A Day in the Life of a Swoontern
Howdy, Swooners! Javi here. For the last few months, I’ve had the pleasure of being this summer’s Swoontern. What exactly does that mean? Since May, I’ve been basking in the publishing world and learning as much as I can about the industry—whether that’s by combing through pass pages, writing copy, or just talking to the friendly faces at the office. To give you all a good idea of what an editorial internship with the planet’s most swoonworthy imprint looks like, let’s take a journey back in time to a day in the intern life...*blurry rippling flashback effect*
I’m wide awake! I shower at night (no thanks, wet morning hair), so I get to enjoy a little extra beauty rest. Once I’m all dressed up and I’ve had the most important meal of the day, it’s off to the subway!
Local, express, then local again—two transfers and a zillion news articles later (an NYC commute is prime reading time), I’m finally at the wonderful home of Swoon Reads: Manhattan’s fabulous Flatiron Building.
Just another manic weekday! But not really: the first big event of the day is the Feiwel & Friends Staff Meeting in a charmingly pointy conference room. Run by our lovely publisher Jean Feiwel, this is where the F&F team touches base on various happenings (like BookCon or an attention-grabbing movie someone saw), and everyone has a chance to share updates about exciting things coming down the pike.
Back to my desk! I have a nice little cubicle, decorated with some hearts and fake ivy. What really makes my spot, though, are my neighbors, who are both designers. Even though I’m here to do editorial work, I love hearing about the fascinating things they’re doing, colorization and resizing and all. (Publishing is truly a team sport—editors are important, but what’s a book without designers to make it beautiful, marketers to get it out into the world, and publicists to make sure people know about it?)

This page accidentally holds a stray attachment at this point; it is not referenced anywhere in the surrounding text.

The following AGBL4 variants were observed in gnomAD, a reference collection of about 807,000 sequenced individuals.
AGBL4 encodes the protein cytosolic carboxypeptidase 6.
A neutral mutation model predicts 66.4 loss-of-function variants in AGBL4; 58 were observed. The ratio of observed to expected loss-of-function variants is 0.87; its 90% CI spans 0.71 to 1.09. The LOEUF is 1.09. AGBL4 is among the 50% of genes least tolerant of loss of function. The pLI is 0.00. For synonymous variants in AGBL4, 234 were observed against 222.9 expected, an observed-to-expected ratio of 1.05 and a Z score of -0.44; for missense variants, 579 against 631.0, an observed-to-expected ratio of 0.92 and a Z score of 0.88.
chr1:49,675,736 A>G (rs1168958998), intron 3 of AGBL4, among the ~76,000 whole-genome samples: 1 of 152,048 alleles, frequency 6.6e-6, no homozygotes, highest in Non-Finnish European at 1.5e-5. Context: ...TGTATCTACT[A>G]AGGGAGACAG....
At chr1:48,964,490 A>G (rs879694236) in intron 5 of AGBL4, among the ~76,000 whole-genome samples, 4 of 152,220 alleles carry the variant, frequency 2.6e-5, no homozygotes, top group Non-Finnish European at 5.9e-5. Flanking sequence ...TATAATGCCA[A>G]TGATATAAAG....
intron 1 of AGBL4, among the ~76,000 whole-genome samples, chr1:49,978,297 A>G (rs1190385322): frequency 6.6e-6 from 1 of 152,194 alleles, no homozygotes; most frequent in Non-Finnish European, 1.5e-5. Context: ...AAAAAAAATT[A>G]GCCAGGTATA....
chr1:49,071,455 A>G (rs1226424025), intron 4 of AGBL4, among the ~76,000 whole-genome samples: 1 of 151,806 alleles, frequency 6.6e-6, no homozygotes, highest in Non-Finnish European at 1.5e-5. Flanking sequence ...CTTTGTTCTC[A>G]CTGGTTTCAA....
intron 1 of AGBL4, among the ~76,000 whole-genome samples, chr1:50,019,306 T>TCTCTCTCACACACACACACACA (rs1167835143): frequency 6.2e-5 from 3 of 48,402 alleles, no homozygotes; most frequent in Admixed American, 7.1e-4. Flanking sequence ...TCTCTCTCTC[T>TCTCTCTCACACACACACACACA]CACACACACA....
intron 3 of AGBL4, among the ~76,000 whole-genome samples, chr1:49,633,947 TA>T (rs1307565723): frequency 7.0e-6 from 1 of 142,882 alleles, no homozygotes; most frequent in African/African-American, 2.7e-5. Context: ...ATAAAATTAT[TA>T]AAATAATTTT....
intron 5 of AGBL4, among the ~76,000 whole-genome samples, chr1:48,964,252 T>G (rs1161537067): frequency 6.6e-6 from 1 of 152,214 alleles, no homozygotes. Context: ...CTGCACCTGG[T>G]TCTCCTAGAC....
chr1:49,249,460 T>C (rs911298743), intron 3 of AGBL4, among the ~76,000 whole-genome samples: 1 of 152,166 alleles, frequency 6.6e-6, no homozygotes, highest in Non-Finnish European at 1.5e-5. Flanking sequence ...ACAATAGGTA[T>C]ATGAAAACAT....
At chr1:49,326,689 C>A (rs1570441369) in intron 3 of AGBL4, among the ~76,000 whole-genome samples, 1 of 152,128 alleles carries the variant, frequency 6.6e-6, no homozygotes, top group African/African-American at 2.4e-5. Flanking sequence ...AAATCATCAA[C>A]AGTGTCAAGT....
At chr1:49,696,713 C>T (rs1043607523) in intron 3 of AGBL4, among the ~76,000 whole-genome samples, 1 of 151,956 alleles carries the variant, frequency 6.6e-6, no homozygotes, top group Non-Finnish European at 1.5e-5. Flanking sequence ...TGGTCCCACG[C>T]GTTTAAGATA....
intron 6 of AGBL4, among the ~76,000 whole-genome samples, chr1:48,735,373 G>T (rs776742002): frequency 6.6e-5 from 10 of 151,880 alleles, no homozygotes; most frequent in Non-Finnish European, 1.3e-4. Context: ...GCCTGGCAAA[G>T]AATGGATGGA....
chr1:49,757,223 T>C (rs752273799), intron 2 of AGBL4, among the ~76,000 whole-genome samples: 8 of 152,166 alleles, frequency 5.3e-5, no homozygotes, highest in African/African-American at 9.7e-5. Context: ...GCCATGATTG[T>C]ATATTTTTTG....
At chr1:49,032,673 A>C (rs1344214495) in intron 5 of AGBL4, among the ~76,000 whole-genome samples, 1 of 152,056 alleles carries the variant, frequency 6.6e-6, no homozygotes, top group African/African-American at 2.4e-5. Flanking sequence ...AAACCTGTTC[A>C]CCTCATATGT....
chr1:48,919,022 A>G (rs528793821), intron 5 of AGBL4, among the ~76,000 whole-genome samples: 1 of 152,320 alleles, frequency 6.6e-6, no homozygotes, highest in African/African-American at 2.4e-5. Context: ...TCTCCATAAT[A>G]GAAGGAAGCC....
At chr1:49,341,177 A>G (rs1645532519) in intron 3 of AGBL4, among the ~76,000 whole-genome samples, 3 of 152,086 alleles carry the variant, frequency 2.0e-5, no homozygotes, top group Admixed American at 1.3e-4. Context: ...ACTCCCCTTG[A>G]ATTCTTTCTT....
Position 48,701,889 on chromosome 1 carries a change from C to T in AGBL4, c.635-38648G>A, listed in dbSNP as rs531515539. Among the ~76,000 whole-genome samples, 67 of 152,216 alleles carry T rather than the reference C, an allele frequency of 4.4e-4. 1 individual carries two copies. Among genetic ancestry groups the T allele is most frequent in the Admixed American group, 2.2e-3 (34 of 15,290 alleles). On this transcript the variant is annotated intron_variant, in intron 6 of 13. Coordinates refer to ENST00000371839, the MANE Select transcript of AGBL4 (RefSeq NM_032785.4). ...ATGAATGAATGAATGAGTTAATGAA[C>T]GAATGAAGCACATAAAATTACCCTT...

Today I’m looking through a submission on the Swoon site. Our eagle-eyed director, Lauren Scobell, has found a manuscript that looks like it’s getting some buzz (from readers like you!). When I read, I always keep a document open so I can write down any thoughts and feelings that come to me (and so I can make note of anything interesting I find—especially in-text comments from readers). Most of the time, editors only need to read the first three chapters of a manuscript before they know whether to say “yay” or “nay,” but this one is simply too good to quit! Just one more chapter...
I’m also scouring the web (and racking my brain) for some comparison (“comp”) titles for a new pitch Holly West—one of the coolest editors in town—will be bringing to a meeting today. Essentially, I’m looking for recently published books with a target audience and plot elements that are similar to those of the new manuscript. More on this later!
Lunchtime! Being in New York means that there’s an endless supply of every type of food you could want on almost every corner, but since merely existing here costs a pretty penny, I’ve brought a cute little sack lunch from home instead. A few of my (awesome) fellow interns come with me into Madison Square Park, where we eat and chat!